A plurality of friction discs 10 are used in a clutch or brake pack to provide a friction drive establishing connection in power transmissions. These friction drive connections take the form of either a clutch which transmits torque between rotating components or a brake which provides a connection with a stationary housing. Such a structure is shown in FIG. 5 and is generally designated 32 and will be referred to as a brake, however, as is well-known, a clutch structure would be substantially identical. In the brake 32, the friction discs 10 are separated by steel plates or discs 34 which have a splined portion 36 at the outer diameter. The spline 36 is adapted to be fitted in a mating spline portion formed in a stationary housing 38 in which is slidably disposed a fluid actuated piston 40. The piston 40 forms one side of the brake 32 while the other side is defined by a back-up plate 42 which is splined on the housing 38 and maintained in position by an annular snap ring 44. The spline 18 of the friction discs 10 mate with a spline 46 formed on a hub 48. The hub 48 is adapted to be connected with a conventional gear member, such as a sun gear in a planetary gear system. When fluid pressure is admitted to the chamber 50, formed between piston 40 and housing 38, the piston 40 will be pressed into engagement with one of the plates 34 which will result in the alternate plates 34 and friction discs 10 being forced into a friction engaging relationship as is well-known. When the chamber 50 is thus pressurized, the hub 48 is held stationary and there is no relative motion between discs 10 and 34. However, when the chamber 50 is not pressurized, there will generally be relative rotation between friction discs 10 and plate 34.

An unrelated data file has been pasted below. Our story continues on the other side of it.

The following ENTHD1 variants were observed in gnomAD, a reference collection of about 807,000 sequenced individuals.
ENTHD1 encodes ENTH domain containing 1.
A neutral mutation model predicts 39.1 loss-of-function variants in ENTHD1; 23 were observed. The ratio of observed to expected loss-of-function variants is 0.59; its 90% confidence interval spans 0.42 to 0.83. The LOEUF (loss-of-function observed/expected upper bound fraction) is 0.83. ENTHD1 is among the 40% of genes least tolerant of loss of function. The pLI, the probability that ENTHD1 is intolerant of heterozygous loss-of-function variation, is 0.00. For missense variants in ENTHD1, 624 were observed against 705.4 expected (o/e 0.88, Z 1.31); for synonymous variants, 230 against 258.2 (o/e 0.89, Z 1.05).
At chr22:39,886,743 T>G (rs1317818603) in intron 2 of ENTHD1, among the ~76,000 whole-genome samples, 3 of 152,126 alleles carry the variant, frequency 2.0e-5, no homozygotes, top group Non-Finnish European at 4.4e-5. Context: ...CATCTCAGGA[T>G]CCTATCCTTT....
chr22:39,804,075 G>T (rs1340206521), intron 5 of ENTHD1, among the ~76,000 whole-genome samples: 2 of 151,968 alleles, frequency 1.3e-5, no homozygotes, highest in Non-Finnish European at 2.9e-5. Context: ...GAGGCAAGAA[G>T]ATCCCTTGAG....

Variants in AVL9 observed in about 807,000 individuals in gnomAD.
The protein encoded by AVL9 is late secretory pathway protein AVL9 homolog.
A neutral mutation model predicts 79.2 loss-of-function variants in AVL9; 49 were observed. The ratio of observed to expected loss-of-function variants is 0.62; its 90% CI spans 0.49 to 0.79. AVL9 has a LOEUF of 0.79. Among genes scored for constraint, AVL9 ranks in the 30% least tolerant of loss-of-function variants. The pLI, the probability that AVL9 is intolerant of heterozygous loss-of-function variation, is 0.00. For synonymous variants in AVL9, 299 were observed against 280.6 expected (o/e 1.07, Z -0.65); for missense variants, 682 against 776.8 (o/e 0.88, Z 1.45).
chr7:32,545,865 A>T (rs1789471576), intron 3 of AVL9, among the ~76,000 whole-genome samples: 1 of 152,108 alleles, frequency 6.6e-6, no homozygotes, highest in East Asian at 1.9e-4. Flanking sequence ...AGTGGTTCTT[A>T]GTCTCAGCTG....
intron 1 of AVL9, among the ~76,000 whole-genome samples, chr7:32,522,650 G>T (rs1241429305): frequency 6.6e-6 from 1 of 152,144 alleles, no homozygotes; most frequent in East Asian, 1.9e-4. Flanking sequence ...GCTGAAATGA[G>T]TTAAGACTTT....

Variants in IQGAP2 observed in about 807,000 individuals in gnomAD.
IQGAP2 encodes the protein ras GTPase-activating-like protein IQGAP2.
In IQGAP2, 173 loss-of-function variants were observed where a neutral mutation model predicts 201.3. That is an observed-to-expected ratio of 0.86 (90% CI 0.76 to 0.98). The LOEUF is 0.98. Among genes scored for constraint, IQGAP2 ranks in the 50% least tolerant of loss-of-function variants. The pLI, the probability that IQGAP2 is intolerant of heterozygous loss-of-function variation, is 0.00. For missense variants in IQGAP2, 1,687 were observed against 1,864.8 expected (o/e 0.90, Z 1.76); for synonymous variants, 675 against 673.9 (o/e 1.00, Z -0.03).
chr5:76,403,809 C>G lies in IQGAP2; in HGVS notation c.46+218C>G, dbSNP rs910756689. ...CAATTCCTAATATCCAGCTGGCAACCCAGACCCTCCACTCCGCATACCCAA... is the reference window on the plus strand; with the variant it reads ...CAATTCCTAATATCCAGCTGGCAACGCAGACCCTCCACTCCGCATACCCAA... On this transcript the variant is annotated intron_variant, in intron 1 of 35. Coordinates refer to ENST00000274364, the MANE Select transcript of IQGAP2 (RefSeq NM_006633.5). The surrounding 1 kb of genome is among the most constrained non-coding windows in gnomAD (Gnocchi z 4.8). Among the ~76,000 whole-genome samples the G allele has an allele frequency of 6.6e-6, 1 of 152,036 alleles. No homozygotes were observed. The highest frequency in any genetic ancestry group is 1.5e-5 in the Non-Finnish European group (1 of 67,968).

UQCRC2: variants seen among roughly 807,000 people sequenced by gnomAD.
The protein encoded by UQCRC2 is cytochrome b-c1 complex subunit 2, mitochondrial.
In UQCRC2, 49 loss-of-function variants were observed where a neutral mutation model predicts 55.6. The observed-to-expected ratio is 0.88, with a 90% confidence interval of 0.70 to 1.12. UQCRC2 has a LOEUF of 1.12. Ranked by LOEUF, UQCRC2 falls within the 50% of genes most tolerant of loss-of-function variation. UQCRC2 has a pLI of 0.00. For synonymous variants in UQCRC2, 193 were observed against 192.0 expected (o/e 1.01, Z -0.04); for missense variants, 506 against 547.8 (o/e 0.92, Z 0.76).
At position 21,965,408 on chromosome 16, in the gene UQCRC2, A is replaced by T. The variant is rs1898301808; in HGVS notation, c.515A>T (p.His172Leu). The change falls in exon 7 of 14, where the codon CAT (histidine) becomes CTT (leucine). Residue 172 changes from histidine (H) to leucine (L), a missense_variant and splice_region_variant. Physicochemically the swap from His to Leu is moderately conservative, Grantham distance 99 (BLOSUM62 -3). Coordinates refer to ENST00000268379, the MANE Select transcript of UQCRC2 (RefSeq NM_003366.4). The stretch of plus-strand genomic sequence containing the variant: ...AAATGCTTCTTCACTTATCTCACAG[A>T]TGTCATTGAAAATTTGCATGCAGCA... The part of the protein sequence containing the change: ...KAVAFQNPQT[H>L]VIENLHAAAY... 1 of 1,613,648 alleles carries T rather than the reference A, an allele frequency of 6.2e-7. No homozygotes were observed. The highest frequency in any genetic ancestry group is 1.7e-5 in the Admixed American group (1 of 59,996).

There is a drag torque between discs 10 and 34 when the brake pack is in the "free running" condition. This drag torque is a parasitic loss, and should be eliminated to the extent possible. The grooves 25 reduce the drag torque considerably by creating a flow pattern between the discs 10 and 34 which assist in causing separation between the discs.

When the chamber 50 is unpressurized, lubricating fluid within the system flows through openings 52 formed in the hub 48 and accordingly toward the grooves 25. Once the fluid reaches the grooves 25, it flows both radially outward and also circumferentially across the slanted surfaces 30 and 28, depending upon the direction of rotation, to create a separating force between the discs 10 and 34. This effectively creates a fluid bearing between adjacent surfaces considerably reducing the drag friction normally present in such devices.

As previously mentioned, the grooved friction disc will operate equally well in either a clutch structure or a brake structure. However, it will be found most useful in brake structures, because, generally in power transmissions for use in motor vehicles, clutches are engaged for most operation while brakes are engaged during lower gear ratios used for acceleration or deceleration.


1. A friction disc for a clutch or brake comprising; an annular disc of friction material having a radial inner periphery and a radial outer periphery, a substantially flat surface between the peripheries and a plurality of radially extending circumferentially spaced grooves formed in said flat surface and each groove having an edge at the inner periphery displaced axially from the flat surface, an edge at the outer periphery contiguous with the flat surface and spaced sidewalls disposed at an angle to the groove bottom and the flat surface.

Referenced Cited
U.S. Patent Documents
3982611 September 28, 1976 Gannon
4113067 September 12, 1978 Coons et al.
4139085 February 13, 1979 Kanbe et al.
Patent History
Patent number: 4287978
Type: Grant
Filed: Jul 25, 1979
Date of Patent: Sep 8, 1981
Assignee: General Motors Corporation (Detroit, MI)
Inventor: Vincent M. Staub, Jr. (Dayton, OH)
Primary Examiner: George H. Krizmanich
Attorney: Donald F. Scherer
Application Number: 6/60,798
Current U.S. Class: 192/113B; Engaging Surfaces (192/107R); Lubrication (188/264B)
International Classification: F16D 1374;